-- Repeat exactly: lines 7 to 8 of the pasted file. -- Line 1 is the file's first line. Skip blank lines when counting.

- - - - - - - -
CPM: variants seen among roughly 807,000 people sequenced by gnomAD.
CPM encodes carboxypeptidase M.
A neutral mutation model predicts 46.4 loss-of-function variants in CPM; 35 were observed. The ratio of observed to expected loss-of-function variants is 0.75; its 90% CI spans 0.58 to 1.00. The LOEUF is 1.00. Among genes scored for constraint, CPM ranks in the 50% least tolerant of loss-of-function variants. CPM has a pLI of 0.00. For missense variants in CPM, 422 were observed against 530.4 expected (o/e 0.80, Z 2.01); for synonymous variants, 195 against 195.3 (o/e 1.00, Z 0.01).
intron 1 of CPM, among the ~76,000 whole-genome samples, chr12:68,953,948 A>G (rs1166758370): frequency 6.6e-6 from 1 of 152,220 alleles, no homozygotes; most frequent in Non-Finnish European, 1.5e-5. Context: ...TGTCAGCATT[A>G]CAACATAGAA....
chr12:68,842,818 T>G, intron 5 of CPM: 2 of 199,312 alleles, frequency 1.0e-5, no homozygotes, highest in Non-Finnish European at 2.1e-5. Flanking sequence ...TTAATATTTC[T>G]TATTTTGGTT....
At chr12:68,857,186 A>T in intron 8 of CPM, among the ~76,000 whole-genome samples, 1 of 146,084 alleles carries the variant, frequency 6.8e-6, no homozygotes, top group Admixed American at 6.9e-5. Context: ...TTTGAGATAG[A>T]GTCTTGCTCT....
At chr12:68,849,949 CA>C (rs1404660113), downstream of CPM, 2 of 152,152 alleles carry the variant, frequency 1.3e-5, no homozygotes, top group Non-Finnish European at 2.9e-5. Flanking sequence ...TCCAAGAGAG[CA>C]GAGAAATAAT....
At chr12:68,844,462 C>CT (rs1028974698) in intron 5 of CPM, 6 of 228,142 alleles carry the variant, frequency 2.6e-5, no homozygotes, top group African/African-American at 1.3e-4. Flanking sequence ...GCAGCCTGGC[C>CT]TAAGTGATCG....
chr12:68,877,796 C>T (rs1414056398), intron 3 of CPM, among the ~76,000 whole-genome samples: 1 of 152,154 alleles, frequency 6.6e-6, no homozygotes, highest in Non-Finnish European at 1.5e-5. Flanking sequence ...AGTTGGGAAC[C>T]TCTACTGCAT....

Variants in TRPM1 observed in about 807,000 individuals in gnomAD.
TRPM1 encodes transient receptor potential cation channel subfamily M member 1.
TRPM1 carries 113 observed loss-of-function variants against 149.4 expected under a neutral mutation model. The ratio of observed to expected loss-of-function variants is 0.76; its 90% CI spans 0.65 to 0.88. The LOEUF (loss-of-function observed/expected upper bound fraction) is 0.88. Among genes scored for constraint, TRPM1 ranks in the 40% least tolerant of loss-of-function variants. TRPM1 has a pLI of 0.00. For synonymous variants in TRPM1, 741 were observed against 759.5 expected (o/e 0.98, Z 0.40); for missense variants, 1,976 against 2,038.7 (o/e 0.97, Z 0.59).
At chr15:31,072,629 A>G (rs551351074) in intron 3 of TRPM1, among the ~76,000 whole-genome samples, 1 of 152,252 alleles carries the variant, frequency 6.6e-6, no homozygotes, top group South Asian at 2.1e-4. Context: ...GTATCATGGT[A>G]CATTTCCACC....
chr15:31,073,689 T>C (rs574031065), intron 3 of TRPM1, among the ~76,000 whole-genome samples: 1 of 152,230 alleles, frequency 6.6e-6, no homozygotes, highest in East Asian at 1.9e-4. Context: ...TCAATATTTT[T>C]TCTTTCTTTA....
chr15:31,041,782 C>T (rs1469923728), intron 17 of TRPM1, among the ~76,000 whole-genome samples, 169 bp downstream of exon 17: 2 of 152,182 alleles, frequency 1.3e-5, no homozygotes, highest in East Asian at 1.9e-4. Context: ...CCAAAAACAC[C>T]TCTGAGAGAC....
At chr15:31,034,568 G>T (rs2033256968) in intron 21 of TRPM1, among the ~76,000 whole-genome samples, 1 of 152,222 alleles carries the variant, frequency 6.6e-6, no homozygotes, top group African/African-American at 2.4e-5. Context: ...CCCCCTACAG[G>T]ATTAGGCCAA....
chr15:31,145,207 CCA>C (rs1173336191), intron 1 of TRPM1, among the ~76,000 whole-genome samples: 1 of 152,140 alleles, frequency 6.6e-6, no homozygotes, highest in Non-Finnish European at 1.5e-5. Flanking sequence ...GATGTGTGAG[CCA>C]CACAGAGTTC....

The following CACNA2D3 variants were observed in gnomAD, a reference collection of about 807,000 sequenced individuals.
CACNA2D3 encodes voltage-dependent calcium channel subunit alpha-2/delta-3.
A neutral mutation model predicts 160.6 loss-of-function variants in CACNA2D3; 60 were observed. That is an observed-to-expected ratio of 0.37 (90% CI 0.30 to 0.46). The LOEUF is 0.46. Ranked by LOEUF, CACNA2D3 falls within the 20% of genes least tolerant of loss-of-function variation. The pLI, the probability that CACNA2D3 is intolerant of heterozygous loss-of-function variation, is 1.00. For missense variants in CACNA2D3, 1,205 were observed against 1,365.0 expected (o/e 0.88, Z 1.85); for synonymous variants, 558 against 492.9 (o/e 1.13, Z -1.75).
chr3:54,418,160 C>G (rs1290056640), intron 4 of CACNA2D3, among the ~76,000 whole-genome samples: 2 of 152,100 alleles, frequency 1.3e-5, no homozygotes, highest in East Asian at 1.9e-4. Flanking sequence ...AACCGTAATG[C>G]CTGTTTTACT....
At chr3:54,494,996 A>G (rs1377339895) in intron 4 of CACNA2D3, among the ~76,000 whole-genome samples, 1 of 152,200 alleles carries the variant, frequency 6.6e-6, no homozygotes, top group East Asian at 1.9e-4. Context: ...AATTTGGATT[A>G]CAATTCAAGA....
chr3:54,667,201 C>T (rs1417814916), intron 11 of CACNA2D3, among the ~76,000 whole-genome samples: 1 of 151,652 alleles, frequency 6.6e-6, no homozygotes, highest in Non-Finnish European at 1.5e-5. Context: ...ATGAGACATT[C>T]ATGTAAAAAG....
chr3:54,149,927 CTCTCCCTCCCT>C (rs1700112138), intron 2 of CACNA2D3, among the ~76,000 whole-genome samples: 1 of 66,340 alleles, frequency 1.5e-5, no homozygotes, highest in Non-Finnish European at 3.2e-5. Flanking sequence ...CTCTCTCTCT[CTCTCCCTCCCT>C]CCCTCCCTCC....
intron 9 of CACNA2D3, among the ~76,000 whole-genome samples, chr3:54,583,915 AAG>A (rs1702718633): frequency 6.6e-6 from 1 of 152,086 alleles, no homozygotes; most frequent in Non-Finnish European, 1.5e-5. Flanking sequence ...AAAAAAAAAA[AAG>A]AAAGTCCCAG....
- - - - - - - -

At chr12:68,849,949 CA>C (rs1404660113), downstream of CPM, 2 of 152,152 alleles carry the variant, frequency 1.3e-5, no homozygotes, top group Non-Finnish European at 2.9e-5. Flanking sequence ...TCCAAGAGAG[CA>C]GAGAAATAAT....
At chr12:68,844,462 C>CT (rs1028974698) in intron 5 of CPM, 6 of 228,142 alleles carry the variant, frequency 2.6e-5, no homozygotes, top group African/African-American at 1.3e-4. Flanking sequence ...GCAGCCTGGC[C>CT]TAAGTGATCG....